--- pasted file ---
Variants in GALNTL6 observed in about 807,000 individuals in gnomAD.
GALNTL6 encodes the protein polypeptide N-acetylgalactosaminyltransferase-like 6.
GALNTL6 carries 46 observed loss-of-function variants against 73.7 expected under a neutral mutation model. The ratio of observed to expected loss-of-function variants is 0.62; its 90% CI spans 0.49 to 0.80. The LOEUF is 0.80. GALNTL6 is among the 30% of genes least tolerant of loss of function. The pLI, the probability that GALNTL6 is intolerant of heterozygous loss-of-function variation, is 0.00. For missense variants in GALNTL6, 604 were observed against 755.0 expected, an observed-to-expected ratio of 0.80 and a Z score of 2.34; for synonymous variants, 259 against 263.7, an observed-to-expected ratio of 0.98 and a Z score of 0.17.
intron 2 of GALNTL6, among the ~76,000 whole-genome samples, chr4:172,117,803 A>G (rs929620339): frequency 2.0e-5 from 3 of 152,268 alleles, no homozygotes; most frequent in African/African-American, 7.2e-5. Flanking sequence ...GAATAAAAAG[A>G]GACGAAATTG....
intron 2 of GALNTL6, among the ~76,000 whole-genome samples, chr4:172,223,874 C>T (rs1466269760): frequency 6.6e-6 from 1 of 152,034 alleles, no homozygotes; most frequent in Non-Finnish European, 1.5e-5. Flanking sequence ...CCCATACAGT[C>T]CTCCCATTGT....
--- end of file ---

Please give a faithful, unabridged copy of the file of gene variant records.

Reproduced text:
Variants in GALNTL6 observed in about 807,000 individuals in gnomAD.
GALNTL6 encodes the protein polypeptide N-acetylgalactosaminyltransferase-like 6.
GALNTL6 carries 46 observed loss-of-function variants against 73.7 expected under a neutral mutation model. The ratio of observed to expected loss-of-function variants is 0.62; its 90% CI spans 0.49 to 0.80. The LOEUF is 0.80. GALNTL6 is among the 30% of genes least tolerant of loss of function. The pLI, the probability that GALNTL6 is intolerant of heterozygous loss-of-function variation, is 0.00. For missense variants in GALNTL6, 604 were observed against 755.0 expected, an observed-to-expected ratio of 0.80 and a Z score of 2.34; for synonymous variants, 259 against 263.7, an observed-to-expected ratio of 0.98 and a Z score of 0.17.
intron 2 of GALNTL6, among the ~76,000 whole-genome samples, chr4:172,117,803 A>G (rs929620339): frequency 2.0e-5 from 3 of 152,268 alleles, no homozygotes; most frequent in African/African-American, 7.2e-5. Flanking sequence ...GAATAAAAAG[A>G]GACGAAATTG....
intron 2 of GALNTL6, among the ~76,000 whole-genome samples, chr4:172,223,874 C>T (rs1466269760): frequency 6.6e-6 from 1 of 152,034 alleles, no homozygotes; most frequent in Non-Finnish European, 1.5e-5. Flanking sequence ...CCCATACAGT[C>T]CTCCCATTGT....